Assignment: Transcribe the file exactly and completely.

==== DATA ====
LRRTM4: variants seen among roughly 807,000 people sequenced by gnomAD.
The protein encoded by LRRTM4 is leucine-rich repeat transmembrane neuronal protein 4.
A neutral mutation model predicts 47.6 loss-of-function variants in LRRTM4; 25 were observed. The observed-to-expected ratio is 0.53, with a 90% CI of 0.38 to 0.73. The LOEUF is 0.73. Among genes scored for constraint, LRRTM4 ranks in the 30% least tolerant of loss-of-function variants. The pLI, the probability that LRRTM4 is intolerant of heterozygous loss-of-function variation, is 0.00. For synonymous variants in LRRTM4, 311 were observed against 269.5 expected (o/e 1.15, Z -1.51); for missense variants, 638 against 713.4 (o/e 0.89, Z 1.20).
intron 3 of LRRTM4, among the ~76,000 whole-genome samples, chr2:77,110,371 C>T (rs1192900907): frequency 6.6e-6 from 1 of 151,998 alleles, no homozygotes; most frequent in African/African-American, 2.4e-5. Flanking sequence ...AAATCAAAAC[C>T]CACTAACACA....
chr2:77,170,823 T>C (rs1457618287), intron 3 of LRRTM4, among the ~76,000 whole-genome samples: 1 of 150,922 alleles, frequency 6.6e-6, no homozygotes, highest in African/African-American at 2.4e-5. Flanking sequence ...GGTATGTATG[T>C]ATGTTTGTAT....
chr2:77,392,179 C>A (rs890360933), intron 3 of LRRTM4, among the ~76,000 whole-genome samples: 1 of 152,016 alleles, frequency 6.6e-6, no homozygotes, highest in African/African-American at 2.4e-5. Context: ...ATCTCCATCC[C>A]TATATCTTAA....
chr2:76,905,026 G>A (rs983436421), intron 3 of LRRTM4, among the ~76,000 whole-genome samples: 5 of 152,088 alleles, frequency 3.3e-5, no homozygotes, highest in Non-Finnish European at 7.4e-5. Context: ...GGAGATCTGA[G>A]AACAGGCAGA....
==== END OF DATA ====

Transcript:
LRRTM4: variants seen among roughly 807,000 people sequenced by gnomAD.
The protein encoded by LRRTM4 is leucine-rich repeat transmembrane neuronal protein 4.
A neutral mutation model predicts 47.6 loss-of-function variants in LRRTM4; 25 were observed. The observed-to-expected ratio is 0.53, with a 90% CI of 0.38 to 0.73. The LOEUF is 0.73. Among genes scored for constraint, LRRTM4 ranks in the 30% least tolerant of loss-of-function variants. The pLI, the probability that LRRTM4 is intolerant of heterozygous loss-of-function variation, is 0.00. For synonymous variants in LRRTM4, 311 were observed against 269.5 expected (o/e 1.15, Z -1.51); for missense variants, 638 against 713.4 (o/e 0.89, Z 1.20).
intron 3 of LRRTM4, among the ~76,000 whole-genome samples, chr2:77,110,371 C>T (rs1192900907): frequency 6.6e-6 from 1 of 151,998 alleles, no homozygotes; most frequent in African/African-American, 2.4e-5. Flanking sequence ...AAATCAAAAC[C>T]CACTAACACA....
chr2:77,170,823 T>C (rs1457618287), intron 3 of LRRTM4, among the ~76,000 whole-genome samples: 1 of 150,922 alleles, frequency 6.6e-6, no homozygotes, highest in African/African-American at 2.4e-5. Flanking sequence ...GGTATGTATG[T>C]ATGTTTGTAT....
chr2:77,392,179 C>A (rs890360933), intron 3 of LRRTM4, among the ~76,000 whole-genome samples: 1 of 152,016 alleles, frequency 6.6e-6, no homozygotes, highest in African/African-American at 2.4e-5. Context: ...ATCTCCATCC[C>A]TATATCTTAA....
chr2:76,905,026 G>A (rs983436421), intron 3 of LRRTM4, among the ~76,000 whole-genome samples: 5 of 152,088 alleles, frequency 3.3e-5, no homozygotes, highest in Non-Finnish European at 7.4e-5. Context: ...GGAGATCTGA[G>A]AACAGGCAGA....